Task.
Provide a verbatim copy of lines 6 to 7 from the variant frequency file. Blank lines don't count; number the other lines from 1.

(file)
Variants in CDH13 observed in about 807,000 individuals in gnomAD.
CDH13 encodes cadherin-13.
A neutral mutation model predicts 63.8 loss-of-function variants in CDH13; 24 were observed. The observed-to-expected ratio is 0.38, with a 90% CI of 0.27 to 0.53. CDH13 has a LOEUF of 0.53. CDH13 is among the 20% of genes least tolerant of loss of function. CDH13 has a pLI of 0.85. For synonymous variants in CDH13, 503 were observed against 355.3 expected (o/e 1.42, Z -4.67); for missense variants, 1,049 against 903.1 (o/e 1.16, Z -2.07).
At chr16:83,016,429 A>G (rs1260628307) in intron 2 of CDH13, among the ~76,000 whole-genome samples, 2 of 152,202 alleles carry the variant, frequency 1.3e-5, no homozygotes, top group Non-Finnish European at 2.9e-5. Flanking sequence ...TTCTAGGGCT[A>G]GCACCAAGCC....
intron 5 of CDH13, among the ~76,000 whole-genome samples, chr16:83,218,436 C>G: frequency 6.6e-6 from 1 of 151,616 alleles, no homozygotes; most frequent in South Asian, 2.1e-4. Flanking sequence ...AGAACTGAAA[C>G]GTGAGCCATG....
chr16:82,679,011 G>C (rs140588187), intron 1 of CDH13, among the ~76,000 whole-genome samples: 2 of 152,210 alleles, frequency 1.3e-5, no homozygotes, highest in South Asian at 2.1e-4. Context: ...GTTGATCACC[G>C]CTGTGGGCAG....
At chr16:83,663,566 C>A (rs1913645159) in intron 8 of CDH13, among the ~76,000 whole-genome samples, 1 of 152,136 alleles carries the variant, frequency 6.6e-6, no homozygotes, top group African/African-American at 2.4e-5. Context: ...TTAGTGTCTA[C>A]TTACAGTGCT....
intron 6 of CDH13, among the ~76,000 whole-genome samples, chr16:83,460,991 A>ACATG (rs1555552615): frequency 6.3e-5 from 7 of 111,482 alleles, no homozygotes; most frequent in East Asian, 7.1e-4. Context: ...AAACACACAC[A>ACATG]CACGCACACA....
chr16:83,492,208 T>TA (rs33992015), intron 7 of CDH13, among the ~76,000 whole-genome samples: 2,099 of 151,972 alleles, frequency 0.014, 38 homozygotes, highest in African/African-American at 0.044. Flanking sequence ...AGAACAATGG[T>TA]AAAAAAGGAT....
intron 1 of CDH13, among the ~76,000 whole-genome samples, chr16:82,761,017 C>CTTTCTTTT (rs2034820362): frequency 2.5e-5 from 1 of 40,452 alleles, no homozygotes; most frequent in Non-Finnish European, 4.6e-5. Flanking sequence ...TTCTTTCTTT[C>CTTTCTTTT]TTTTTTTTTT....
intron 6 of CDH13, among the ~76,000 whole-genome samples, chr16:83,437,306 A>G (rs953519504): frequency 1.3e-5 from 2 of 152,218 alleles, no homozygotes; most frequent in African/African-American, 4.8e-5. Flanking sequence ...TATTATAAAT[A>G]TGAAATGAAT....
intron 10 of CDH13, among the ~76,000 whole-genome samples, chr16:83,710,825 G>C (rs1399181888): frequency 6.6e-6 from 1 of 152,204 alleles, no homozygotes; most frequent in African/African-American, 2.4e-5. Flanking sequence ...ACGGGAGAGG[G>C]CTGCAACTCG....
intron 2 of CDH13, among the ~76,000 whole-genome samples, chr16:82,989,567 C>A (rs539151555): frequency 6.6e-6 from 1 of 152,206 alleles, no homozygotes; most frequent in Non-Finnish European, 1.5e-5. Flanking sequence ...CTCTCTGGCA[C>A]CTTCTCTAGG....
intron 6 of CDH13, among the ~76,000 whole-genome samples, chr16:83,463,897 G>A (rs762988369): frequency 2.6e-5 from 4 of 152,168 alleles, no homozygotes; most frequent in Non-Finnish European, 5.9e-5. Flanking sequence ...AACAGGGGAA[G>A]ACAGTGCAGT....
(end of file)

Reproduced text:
chr16:82,679,011 G>C (rs140588187), intron 1 of CDH13, among the ~76,000 whole-genome samples: 2 of 152,210 alleles, frequency 1.3e-5, no homozygotes, highest in South Asian at 2.1e-4. Context: ...GTTGATCACC[G>C]CTGTGGGCAG....
At chr16:83,663,566 C>A (rs1913645159) in intron 8 of CDH13, among the ~76,000 whole-genome samples, 1 of 152,136 alleles carries the variant, frequency 6.6e-6, no homozygotes, top group African/African-American at 2.4e-5. Context: ...TTAGTGTCTA[C>A]TTACAGTGCT....